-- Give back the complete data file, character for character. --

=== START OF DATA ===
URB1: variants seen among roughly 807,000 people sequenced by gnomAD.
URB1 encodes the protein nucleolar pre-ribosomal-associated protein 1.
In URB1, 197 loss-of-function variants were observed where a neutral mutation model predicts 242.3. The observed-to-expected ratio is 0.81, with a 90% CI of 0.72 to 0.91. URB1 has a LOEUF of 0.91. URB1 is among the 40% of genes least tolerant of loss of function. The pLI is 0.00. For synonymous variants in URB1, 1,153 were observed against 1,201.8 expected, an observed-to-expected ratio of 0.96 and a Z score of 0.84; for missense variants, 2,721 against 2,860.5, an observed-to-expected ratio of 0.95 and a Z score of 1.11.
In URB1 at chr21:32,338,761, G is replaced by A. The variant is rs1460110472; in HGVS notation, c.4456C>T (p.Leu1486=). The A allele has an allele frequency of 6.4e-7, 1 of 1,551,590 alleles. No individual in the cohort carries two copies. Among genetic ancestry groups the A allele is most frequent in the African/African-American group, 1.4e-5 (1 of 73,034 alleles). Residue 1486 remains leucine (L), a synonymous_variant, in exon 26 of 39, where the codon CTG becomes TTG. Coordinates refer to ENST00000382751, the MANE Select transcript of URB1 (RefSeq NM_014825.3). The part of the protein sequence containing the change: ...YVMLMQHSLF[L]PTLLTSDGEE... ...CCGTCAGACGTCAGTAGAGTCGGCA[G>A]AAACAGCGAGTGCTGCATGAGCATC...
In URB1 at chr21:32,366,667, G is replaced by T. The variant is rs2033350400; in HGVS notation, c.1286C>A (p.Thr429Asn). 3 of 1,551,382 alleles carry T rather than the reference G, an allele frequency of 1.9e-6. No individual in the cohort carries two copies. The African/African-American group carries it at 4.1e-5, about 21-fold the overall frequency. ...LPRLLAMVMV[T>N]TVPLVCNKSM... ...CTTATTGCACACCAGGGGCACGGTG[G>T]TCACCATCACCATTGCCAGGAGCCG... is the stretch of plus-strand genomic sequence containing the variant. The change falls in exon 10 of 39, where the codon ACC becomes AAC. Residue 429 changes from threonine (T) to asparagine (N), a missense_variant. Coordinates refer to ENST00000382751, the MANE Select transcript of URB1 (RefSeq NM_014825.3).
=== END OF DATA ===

URB1: variants seen among roughly 807,000 people sequenced by gnomAD.
URB1 encodes the protein nucleolar pre-ribosomal-associated protein 1.
In URB1, 197 loss-of-function variants were observed where a neutral mutation model predicts 242.3. The observed-to-expected ratio is 0.81, with a 90% CI of 0.72 to 0.91. URB1 has a LOEUF of 0.91. URB1 is among the 40% of genes least tolerant of loss of function. The pLI is 0.00. For synonymous variants in URB1, 1,153 were observed against 1,201.8 expected, an observed-to-expected ratio of 0.96 and a Z score of 0.84; for missense variants, 2,721 against 2,860.5, an observed-to-expected ratio of 0.95 and a Z score of 1.11.
In URB1 at chr21:32,338,761, G is replaced by A. The variant is rs1460110472; in HGVS notation, c.4456C>T (p.Leu1486=). The A allele has an allele frequency of 6.4e-7, 1 of 1,551,590 alleles. No individual in the cohort carries two copies. Among genetic ancestry groups the A allele is most frequent in the African/African-American group, 1.4e-5 (1 of 73,034 alleles). Residue 1486 remains leucine (L), a synonymous_variant, in exon 26 of 39, where the codon CTG becomes TTG. Coordinates refer to ENST00000382751, the MANE Select transcript of URB1 (RefSeq NM_014825.3). The part of the protein sequence containing the change: ...YVMLMQHSLF[L]PTLLTSDGEE... ...CCGTCAGACGTCAGTAGAGTCGGCA[G>A]AAACAGCGAGTGCTGCATGAGCATC...
In URB1 at chr21:32,366,667, G is replaced by T. The variant is rs2033350400; in HGVS notation, c.1286C>A (p.Thr429Asn). 3 of 1,551,382 alleles carry T rather than the reference G, an allele frequency of 1.9e-6. No individual in the cohort carries two copies. The African/African-American group carries it at 4.1e-5, about 21-fold the overall frequency. ...LPRLLAMVMV[T>N]TVPLVCNKSM... ...CTTATTGCACACCAGGGGCACGGTG[G>T]TCACCATCACCATTGCCAGGAGCCG... is the stretch of plus-strand genomic sequence containing the variant. The change falls in exon 10 of 39, where the codon ACC becomes AAC. Residue 429 changes from threonine (T) to asparagine (N), a missense_variant. Coordinates refer to ENST00000382751, the MANE Select transcript of URB1 (RefSeq NM_014825.3).